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븳쓽궗븰쉶 듅蹂 媛뺤뿰 怨듭 (12썡 6씪 湲덉슂씪 삤썑 5떆)



븰쉶뿉꽌뒗 떎쓬怨 媛숈씠 듅蹂 媛뺤뿰쓣 媛吏 삁젙씠삤땲 留롮 李몄꽍 遺긽뱶由쎈땲떎.


씪떆: 2013뀈 12썡 6씪(湲) 삤썑 5

옣냼: 뿰꽭쓽 洹몃9넗쓽떎 107샇

뿰옄: Marta Hanson (Department of the History of Medicine, Johns Hopkins University)
젣紐: Visualizing the Geography of Diseases in China, 1870s-1920s


뿰옄 냼媛:

Senior Co-editor
Asian Medicine: Tradition and Modernity  http://www.brill.nl/asian-medicine


Website & Publications:  http://www.hopkinsmedicine.org/martahanson/research/publications.htm

Speaking of Epidemics in Chinese Medicine: Disease and the Geographic Imagination in Late Imperial China http://www.routledge.com/books/details/9780415602532/


븘옒뒗 諛쒗몴 珥덈줉엯땲떎.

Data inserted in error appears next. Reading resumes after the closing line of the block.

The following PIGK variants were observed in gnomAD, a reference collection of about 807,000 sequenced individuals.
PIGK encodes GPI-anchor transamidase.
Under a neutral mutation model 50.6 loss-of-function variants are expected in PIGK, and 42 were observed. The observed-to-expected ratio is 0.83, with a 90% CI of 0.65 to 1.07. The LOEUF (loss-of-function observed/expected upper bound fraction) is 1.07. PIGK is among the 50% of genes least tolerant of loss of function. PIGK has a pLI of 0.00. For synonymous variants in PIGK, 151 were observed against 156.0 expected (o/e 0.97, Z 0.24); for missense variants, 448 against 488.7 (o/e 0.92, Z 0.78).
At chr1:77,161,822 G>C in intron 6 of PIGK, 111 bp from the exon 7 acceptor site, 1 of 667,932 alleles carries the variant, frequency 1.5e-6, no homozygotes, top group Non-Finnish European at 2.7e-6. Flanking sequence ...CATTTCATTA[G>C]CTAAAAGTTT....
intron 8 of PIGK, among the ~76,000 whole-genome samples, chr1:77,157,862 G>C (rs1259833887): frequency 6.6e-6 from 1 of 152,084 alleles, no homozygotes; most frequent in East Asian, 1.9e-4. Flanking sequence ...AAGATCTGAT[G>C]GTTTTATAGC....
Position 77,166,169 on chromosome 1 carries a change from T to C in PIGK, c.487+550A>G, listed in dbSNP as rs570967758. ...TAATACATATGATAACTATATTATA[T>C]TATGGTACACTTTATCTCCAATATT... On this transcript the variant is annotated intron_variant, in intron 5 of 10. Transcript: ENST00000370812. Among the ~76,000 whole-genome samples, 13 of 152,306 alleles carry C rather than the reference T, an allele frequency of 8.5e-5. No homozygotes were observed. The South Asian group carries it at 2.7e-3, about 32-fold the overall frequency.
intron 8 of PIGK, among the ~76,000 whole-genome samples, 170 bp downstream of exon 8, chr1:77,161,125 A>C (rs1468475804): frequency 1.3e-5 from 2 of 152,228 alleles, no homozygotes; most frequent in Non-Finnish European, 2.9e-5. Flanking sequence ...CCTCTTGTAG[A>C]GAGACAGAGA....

Medical mapping was never just a way of thinking but also a way to visualize certain conceptions of knowledge and legitimate specific medical practices. The earliest disease maps in Europe were statements in an argument, evidence furthering a specific case, and visualizations of possible causal relationships. On the one hand, disease incidence, and on the other hand, potential causes봳he climate or weather, water and air quality, geological features such as elevation, waterways and mountains, or an unknown poison in the environment. Physicians used them for various functions in China from the 1870s, when they were first used to work out causal relationships, to the 1910s and 20s, when they were transformed for new political purposes. They were one of the most succinct ways to circulate complex syntheses of current medical knowledge. They also present a visual history of major changes in the conception of what was modern Western knowledge within China from the mid nineteenth-century peak of medical geography to the eventual victory of laboratory medicine by the early twentieth century. Over 50 maps of diseases in China were published from the 1870s to the 1920s. The earliest disease maps for China, like nineteenth-century vital statistics and petri-dishes, made causal relations newly visible. During the 1910-20s, however, new kinds of maps of diseases in China functioned more to legitimate colonial and later Chinese state-populace relationships than to elucidate causal disease-agent ones. Finally, the first disease maps in vernacular Chinese that appear in 1921 were of the distribution of bubonic plague and pneumonic plague (and later in 1928 of cholera and apoplexy) in China and the world. Published on public-health posters in the late 1920s, they attempted to convince a wary public of an entirely novel way of seeing epidemic disease, themselves, and their place in a newly globalizing world. 

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